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** This is my dog," say the children ; " that sunny seat is mine." « There is the beginning and the exemplification of the usurpation “ of the whole earth.” This is the natural acting of Acquisitiveness and Self-esteem, which are innate and not acquired feelings,
“ Pity for the unfortunate is no proof of virtue; on the contrary, " it is found desirable to make this demonstration of humanity, and “ to acquire at no expense the reputation of tenderness. Pity there“ fore is little worth.” The pity here spoken of is the result of Love of Approbation, not of Benevolence ; for the latter would act if it could ; the pity of the former is then merely counterfeit.
“ Though men have no interest in what they are saying, it will “ not do to infer from that absolutely that they are not guilty of “ falsehood ; for there are some who lie simply for lying sake.” This is a painful truth, too fully evidenced by examples in high and low life, such as Louis the Eleventh, J. G. &c. This vice is the result of a very large Secretiveness, large Wonder, with a deficient endowment of Conscientiousness, and an absence of all religious principle.
“ I cannot admire the man who possesses one virtue in high “ perfection, if he does not at the same time possess the oppo« site virtue in an equal degree, as in the case of Epaminondas, who “ united the extremes of valour and of meekness.” A universally good development is required to form a character of superior excellence. On a similar view of the universality of virtue or holiness, the Scripture says, speaking of the law of God, as it is required to reign in the heart of man, “ If a man of“ fend in one point he is guilty of all.”
“ This I is hateful ; and those who do not renounce it, who seek
no further than to cover it, are always hateful also. It is essentially “ unjust, because it will be the centre of all things; it is an an
noyance to others, because it will serve itself by them; for each “individual I is the enemy and would be the tyrant of all the others.”
This offensive I is the result of a too predominant development of the organs of Self-esteem and Love of Approbation ; it establishes the reign of selfishness upon the ruins of the reign of love ; nor will its baneful influence be ever exterminated from the human mind, except by the dominion of that charity which is the gift of God, and which “seek66 eth not her own."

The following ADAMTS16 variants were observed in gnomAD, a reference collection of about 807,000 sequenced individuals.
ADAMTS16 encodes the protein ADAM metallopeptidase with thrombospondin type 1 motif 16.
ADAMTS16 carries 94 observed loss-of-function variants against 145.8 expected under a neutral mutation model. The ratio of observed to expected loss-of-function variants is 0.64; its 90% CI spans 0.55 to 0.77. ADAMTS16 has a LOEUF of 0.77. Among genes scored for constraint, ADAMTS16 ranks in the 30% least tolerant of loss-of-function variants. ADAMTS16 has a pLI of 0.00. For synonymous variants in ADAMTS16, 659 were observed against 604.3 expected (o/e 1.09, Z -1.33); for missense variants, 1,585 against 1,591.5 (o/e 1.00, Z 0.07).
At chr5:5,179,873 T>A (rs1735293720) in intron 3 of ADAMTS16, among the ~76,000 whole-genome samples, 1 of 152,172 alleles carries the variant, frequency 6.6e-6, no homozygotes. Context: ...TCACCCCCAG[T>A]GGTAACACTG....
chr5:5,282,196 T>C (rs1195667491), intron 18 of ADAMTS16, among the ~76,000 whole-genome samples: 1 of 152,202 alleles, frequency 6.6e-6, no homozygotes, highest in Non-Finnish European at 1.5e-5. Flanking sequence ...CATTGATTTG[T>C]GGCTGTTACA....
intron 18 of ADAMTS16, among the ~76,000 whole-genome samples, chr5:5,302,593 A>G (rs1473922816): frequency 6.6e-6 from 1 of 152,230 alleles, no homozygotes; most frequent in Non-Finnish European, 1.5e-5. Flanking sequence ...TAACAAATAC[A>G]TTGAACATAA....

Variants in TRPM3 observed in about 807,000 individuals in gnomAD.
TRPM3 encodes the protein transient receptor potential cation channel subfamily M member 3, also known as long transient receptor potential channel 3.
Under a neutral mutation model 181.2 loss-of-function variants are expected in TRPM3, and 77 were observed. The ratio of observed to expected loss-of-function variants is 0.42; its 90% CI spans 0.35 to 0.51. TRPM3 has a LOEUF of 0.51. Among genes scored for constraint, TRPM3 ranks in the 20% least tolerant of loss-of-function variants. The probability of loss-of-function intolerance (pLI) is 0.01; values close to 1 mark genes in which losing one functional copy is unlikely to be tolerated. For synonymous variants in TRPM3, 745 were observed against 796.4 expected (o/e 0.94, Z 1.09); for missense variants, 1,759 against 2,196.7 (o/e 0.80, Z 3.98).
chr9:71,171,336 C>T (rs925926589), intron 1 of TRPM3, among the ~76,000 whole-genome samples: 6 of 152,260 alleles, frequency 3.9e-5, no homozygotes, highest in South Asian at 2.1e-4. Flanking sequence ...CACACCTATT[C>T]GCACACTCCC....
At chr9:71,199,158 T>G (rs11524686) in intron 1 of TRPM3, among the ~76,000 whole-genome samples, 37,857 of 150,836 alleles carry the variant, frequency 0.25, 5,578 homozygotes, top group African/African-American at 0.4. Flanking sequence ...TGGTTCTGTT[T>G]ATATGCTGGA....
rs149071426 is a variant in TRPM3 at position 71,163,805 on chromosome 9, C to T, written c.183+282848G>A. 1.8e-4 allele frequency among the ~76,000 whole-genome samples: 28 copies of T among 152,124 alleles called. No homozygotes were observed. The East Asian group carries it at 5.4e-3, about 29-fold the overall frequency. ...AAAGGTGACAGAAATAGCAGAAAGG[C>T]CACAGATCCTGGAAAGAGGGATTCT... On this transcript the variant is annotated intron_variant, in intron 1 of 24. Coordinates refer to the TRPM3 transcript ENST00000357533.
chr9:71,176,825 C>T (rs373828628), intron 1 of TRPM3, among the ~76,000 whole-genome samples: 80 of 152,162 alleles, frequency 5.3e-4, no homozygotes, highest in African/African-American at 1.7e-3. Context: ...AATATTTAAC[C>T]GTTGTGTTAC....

“ Man is evidently made for thinking. Thought is all “ his dignity and all his worth.” The reflective faculties are indeed excellent, and their organs are not possessed by the animal creation.
“ The heart has its reasons, of which reason knows no
thing. It is the heart which feels God, and not the reasoning powers.” Every one must feel the truth of the sentiment thus beautifully expressed in popular language. To render it phrenological, we must substitute “ moral sentiments for heart;" and how far more philosophical and rational is the statement thus rendered! There are few Anti-phrenologists who do not believe that “ the brain is generally the “ organ of the mind.” Is then the organ of the mind, or the intellectual part of man, totally dissevered from and unconnected with the organ of his feelings and affections? It would be almost as comprehensible that the intellect of a man should reside in one body, and the affections of the same individual in another.'
“ The way of God, who does all things well, is to plant
religion in the understanding by reasoning, and in the “ heart by his grace." Substituting intellectual faculties for “ understanding," and moral sentiments for “ heart,” how perfectly phrenological is this passage, and how does it show the harmony between Christianity and Phrenology! God has endowed man with intellectual faculties, and he shows him that in his Creator all wisdom centres, and that holiness is happiness. God has given man moral feelings, or affections, and he offers to him motives for the exercise of his unbounded submission, love, and reverence.
“What think you is the object of those men who are playing at « tennis with such intense interest of mind and effort of body?“ merely to boast the next day, among their friends, that they had “ played better than another. There is the spring of their de« votedness. Others again, in the same way, toil in their closets « to show the savans that they have solved a question in algebra “ which was never solved before. Others expose themselves, with • at least equal folly, to the greatest dangers, to boast at length “ of some place that they have taken.” The Love of Approbation is the motive which stimulates to all these exertions.
“ That queen of error, whom we call Fancy, or Opinion, is the “ more deceitful because she does not deceive always. She would “ be the infallible rule of truth, if she were the infallible rule of “ falsehood. Who confers reputation ? Who gives respect and ve“ neration to persons, to books, to great men ? Who but opinion ? “ Opinion settles every thing. She constitutes beauty, justice, “ happiness, which is the whole of this world.” What gives this power to “ opinion,” but that innate Love of Approbation which exists, in various degrees of force, in every human being? The large development of this organ forms a national peculiarity in the heads of the French people generally, and their manners, their customs, their modes of thinking and acting, are formed, to a wonderful extent, upon the basis of this feeling alone.
« Do not wonder that this wise man reasons ill just now; a fly is